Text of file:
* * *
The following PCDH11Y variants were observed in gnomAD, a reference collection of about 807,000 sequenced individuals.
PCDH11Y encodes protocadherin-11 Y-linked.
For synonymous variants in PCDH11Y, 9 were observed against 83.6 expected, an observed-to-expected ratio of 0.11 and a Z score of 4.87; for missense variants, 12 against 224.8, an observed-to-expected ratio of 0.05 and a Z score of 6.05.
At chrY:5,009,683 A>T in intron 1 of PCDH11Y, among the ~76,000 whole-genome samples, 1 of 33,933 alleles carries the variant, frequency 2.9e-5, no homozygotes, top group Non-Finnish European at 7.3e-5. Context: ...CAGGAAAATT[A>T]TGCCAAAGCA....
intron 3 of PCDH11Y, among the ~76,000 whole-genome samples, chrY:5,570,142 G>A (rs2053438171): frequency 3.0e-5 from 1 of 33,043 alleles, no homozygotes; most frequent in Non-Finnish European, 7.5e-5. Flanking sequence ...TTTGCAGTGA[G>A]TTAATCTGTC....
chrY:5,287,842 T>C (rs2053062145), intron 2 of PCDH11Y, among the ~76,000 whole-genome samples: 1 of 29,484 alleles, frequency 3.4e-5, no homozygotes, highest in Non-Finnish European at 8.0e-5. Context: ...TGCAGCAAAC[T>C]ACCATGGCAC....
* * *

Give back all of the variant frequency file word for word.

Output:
The following PCDH11Y variants were observed in gnomAD, a reference collection of about 807,000 sequenced individuals.
PCDH11Y encodes protocadherin-11 Y-linked.
For synonymous variants in PCDH11Y, 9 were observed against 83.6 expected, an observed-to-expected ratio of 0.11 and a Z score of 4.87; for missense variants, 12 against 224.8, an observed-to-expected ratio of 0.05 and a Z score of 6.05.
At chrY:5,009,683 A>T in intron 1 of PCDH11Y, among the ~76,000 whole-genome samples, 1 of 33,933 alleles carries the variant, frequency 2.9e-5, no homozygotes, top group Non-Finnish European at 7.3e-5. Context: ...CAGGAAAATT[A>T]TGCCAAAGCA....
intron 3 of PCDH11Y, among the ~76,000 whole-genome samples, chrY:5,570,142 G>A (rs2053438171): frequency 3.0e-5 from 1 of 33,043 alleles, no homozygotes; most frequent in Non-Finnish European, 7.5e-5. Flanking sequence ...TTTGCAGTGA[G>A]TTAATCTGTC....
chrY:5,287,842 T>C (rs2053062145), intron 2 of PCDH11Y, among the ~76,000 whole-genome samples: 1 of 29,484 alleles, frequency 3.4e-5, no homozygotes, highest in Non-Finnish European at 8.0e-5. Context: ...TGCAGCAAAC[T>C]ACCATGGCAC....